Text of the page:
With the first round of counting over, and the battle just barely beginning, some preliminary shots are being fired in what is expected to be a bruising post-election struggle over which ballots should be counted in the race to become Arizona’s governor.
Media organizations have proclaimed Democrat Katie Hobbs the winner, although the gap between her and Republican Kari Lake is less than 20,000 votes, which means even in the best of times, a recount would be held.
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But these are not the best of times. With trust in short supply and scars from the state’s battles over the 2020 election results still fresh, both sides are digging in, lawyering up and firing broadsides at the other before the recounting and lawsuits begin.
According to a report in Time, Lake’s campaign spent $2 million to monitor the counting of votes and to be prepared with lawsuits based on the facts when necessary. Time said 40 lawyers were in one central “war room” while roving attorneys monitor polling places and vote-counting operations.
“This is the most robust Election Day operation and post-election operation that Arizona has ever seen,” Brady Smith, the Lake campaign’s chief political strategist, said.
A glimpse at what the Lake campaign might use as fodder for its lawsuits was shared with The Western Journal in the form of a report from Mark Sonnenklar about what the roving attorneys saw on Election Day. The Western Journal has not independently verified the claims in this report.
Sonnenklar said 10 roving attorneys out of 16 responded to a survey he sent them, and that his report covers 115 voting places out of the 223 places in Maricopa County.
Overall, he wrote, “72 of the 115 vote centers (62.61%) we visited had material problems with the tabulators not being able to tabulate ballots, causing voters to either deposit their ballots into box 3, spoil their ballots and re-vote, or get frustrated and leave the vote center without voting.”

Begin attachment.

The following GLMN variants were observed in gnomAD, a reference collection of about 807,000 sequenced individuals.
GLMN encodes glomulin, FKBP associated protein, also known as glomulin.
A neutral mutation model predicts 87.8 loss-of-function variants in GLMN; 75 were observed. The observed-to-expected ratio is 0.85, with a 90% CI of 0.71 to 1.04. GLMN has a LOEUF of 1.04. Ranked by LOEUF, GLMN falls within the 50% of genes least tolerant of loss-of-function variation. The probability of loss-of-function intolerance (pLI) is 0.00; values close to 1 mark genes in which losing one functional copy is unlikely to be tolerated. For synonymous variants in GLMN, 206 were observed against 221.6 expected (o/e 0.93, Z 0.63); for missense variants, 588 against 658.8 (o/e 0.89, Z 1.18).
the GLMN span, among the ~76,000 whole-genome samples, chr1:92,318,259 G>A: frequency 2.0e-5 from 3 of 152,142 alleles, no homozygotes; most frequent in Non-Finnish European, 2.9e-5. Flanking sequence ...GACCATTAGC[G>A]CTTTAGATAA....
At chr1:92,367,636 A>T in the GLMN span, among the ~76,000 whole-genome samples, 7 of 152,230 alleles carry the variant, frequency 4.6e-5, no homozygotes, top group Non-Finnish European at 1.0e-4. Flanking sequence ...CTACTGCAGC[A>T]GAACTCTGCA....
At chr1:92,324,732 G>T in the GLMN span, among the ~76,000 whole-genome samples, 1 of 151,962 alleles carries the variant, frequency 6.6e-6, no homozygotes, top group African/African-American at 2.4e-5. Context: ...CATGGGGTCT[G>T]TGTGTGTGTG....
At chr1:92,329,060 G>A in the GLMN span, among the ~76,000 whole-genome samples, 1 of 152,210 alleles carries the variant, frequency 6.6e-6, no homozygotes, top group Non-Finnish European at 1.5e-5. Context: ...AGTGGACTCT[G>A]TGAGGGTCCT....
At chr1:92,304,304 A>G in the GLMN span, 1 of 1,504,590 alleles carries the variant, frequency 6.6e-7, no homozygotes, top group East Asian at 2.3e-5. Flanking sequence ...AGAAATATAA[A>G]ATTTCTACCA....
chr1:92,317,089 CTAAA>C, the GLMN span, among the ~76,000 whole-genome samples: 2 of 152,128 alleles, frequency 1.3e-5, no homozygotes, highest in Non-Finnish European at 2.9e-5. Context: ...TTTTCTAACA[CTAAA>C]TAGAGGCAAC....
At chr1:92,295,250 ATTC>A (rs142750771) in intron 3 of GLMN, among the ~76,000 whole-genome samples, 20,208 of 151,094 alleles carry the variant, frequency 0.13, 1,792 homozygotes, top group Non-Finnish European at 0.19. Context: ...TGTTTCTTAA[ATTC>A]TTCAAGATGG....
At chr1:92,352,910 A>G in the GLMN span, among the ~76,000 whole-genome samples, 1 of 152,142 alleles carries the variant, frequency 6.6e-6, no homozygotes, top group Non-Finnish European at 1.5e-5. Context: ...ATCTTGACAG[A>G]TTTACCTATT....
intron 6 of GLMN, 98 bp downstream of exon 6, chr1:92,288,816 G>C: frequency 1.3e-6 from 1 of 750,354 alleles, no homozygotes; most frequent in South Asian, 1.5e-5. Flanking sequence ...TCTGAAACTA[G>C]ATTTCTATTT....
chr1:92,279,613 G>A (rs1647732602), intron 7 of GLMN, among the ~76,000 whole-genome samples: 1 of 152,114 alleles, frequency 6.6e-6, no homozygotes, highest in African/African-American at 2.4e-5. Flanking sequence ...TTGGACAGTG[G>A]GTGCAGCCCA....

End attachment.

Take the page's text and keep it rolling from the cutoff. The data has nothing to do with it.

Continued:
“In many vote centers, the tabulators rejected the initial insertion of a ballot almost 100 percent of the time, although the tabulators might still accept that ballot on the second, third, fourth, fifth, or sixth attempt to insert the ballot,” he wrote.
However, many ballots were not able to be tabulated by the tabulators at all, no matter how many times the voter inserted the ballot. The percentage of ballots that were not able to beread at all by the tabulators ranged from 5% to 85% at any given time on election day, with the average being somewhere between 25 percent and 40 percent failure rates,” he wrote.
Sonnenklar noted that at many polling places, “the printer/tabulator issues persisted from the beginning of election day until the end of election day.”
The report identified a presumed cause of the glitch
“The strong consensus regarding why the tabulators would not read certain ballots was that those ballots, in particular the bar codes on the side of the paper, were not printing dark enough for the tabulators to read them,” he wrote.
The report said the findings contradict county officials that only 70 polling places had issues and that they were “insignificant in the entire scheme of the election.
The other major finding in the report was that at “59 of the 115 vote centers we visited (51.30%). In many cases, voters had to wait 1-2 hours before they received a ballot for voting.”
Sonnenklar noted that “because Republican voters significantly outnumbered Democrat voters in the County on election day, such voter suppression would necessarily impact the vote tallies for Republican candidates much more than the vote tallies for Democrat candidates.”
Sonnenklar tied the two issues together.
“It seems very clear that the printer/tabulator failures on election day at 62.61 percent of the vote centers observed by 11 roving attorneys, and the resulting long lines at a majority of all vote centers, led to substantial voter suppression,” he wrote.
As mentioned above, while The Western Journal did not independently verify the findings of this report, reporter Randy DeSoto did visit a polling location that clearly showed an aggressively long line to cast a vote:
The issues were on the minds of several people attending a Nov. 16 meeting of the Maricopa County Board of Supervisors, according to KUTP-TV.
“You look into your own soul, and you look back at yourself in the mirror, and realize you are the cancer that is tearing this nation apart,” resident Matt Baker said.
“You need to resign,” Lizette Lindt said. “You need to resign today, and I pray that God is going to convict your heart.”